Messaging apps provide an easy-to-use way of keeping in touch with friends, family, and co-workers. However, when using them, it’s essential to be aware of online privacy and security.
The main messaging app security concern is the extent to which third parties can potentially read private messages, the companies behind the apps, or even governments that collect data on their citizens. When evaluating messaging app security, key considerations include:
Does the app have end-to-end encryption (E2E)? End-to-end encryption scrambles your private chat messages, and only the sender and the receiver of the messages have the "keys" to read them.
Does it use open source code? Open source code means the app is open to outside accountability and auditing by experts, which can be a useful way to bring attention to any weaknesses or vulnerabilities in the code.
Self-destructing or disappearing messages disappear after a set period of time, depending on your chosen settings.
While many secure messaging apps use end-to-end encryption, they can still collect data about you, called metadata. This includes information like who you talk to, for how long, on what device, your IP address, and phone number.
There are many messaging apps available to us now. However, some have been proven to be more secure than others. We take a look at some of the most popular options out there to see — which messaging app will keep your data safe and which messaging apps have weak security.
(NOTE: the below list is not in priority or endorsement order)
Signal is a cross-platform encrypted messaging service dedicated to end-to-end encrypted voice calling and encrypted texting. It is generally considered one of the most secure messaging apps on the market.
The Signal messaging app is free to use and available on both Android and iOS operating systems. There is also a desktop version for Windows, Mac, and Linux. To join, all you need is a phone number.
The user experience is similar to other popular chat apps such as WhatsApp and Facebook Messenger. Features include one-to-one messaging, group messaging, stickers, photos, file transfers, voice, and video calls.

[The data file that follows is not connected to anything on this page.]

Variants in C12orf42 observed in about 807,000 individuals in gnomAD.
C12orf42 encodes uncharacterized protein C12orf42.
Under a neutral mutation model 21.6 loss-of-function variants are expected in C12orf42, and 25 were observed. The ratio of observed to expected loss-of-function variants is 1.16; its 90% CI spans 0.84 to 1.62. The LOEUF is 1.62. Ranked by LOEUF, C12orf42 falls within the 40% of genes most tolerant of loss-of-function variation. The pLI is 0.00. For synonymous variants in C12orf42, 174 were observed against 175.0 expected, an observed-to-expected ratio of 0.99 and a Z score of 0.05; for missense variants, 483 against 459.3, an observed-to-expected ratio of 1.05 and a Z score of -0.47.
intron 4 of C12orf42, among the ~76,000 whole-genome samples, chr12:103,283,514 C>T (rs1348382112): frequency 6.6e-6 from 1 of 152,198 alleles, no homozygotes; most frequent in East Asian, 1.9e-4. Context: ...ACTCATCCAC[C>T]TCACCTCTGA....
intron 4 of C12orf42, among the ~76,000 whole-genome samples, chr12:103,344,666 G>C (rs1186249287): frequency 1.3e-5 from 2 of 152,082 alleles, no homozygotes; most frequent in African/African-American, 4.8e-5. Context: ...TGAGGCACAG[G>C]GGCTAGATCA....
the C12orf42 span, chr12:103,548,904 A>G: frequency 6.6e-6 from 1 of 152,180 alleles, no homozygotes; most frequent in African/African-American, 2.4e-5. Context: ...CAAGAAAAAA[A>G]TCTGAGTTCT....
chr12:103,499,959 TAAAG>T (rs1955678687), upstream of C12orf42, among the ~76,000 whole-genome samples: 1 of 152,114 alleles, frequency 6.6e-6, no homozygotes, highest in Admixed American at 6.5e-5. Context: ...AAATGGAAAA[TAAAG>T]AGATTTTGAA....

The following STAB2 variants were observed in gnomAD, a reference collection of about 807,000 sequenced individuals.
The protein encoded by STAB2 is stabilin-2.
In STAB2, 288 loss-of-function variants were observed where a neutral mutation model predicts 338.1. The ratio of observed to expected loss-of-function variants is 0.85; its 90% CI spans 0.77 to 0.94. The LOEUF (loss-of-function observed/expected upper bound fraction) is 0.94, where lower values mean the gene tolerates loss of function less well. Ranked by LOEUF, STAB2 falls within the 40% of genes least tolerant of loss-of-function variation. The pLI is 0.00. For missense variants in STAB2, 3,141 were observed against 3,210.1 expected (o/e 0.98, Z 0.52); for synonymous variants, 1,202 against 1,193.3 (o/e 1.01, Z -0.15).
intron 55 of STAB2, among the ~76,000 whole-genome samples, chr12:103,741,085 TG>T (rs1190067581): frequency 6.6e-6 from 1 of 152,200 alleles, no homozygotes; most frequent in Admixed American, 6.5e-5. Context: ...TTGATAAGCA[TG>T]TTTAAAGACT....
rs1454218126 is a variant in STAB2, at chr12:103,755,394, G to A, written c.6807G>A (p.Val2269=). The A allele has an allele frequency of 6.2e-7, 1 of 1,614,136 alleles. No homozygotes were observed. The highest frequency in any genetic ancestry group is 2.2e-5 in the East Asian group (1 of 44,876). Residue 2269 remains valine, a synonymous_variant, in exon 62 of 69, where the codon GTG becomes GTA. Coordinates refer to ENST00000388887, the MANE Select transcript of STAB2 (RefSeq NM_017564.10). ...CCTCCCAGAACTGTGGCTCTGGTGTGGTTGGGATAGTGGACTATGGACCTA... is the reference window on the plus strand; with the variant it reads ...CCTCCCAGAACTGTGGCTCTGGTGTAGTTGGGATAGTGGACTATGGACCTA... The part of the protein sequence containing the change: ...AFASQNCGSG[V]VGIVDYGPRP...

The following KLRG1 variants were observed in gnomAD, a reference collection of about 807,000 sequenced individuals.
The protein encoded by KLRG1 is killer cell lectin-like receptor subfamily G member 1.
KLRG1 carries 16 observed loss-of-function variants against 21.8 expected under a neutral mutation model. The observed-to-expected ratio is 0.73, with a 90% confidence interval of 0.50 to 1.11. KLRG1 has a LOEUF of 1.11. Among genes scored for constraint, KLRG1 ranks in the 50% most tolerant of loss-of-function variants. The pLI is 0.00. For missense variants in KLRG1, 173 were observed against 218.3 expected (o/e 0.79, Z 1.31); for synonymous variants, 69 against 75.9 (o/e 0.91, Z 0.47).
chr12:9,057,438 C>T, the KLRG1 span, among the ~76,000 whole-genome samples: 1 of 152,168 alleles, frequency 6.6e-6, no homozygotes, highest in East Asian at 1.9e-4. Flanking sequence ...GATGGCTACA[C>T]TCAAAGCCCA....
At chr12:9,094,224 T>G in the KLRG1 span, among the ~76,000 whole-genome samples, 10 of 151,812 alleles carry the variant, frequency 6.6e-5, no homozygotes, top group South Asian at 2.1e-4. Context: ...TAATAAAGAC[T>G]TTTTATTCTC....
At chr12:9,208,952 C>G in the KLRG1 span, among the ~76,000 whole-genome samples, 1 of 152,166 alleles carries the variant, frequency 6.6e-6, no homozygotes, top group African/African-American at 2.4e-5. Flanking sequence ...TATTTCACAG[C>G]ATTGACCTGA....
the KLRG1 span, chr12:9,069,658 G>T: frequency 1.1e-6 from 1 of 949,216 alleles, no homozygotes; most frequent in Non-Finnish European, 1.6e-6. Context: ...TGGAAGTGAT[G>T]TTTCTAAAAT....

Signal has been around since 2013 but increased rapidly in popularity in 2020 and 2021.
Founded by Russian entrepreneur Pavel Durov, Telegram is a multi-platform messaging service that first rolled out on iOS and Android in 2013. Telegram’s core functionality is the same as most other messaging apps: you can message other Telegram users, create group conversations, call contacts, and send files and stickers.
Launched in 2014, Wire promotes itself as a secure messaging app. The company behind Wire is based in Switzerland, considered one of the best jurisdictions in the world for any kind of secure online service or secure chat app. Wire can be used on Android, iOS, macOS, Windows, and popular browsers.
With an estimated 1.5 billion users worldwide, WhatsApp probably needs no introduction. It was one of the first chat apps to enable end-to-end encryption for more secure communication. WhatsApp is owned by Facebook, an association that makes some question its privacy credentials.
Threema is an end-to-end encrypted messaging app. Unlike many others, Threema does not require you to enter an email address or phone number to open an account, which provides users with a very high level of anonymity. Features include text and voice messages, voice and video calls, groups, and distribution lists. Threema is not free – users pay for it. The company behind Threema is based in Switzerland.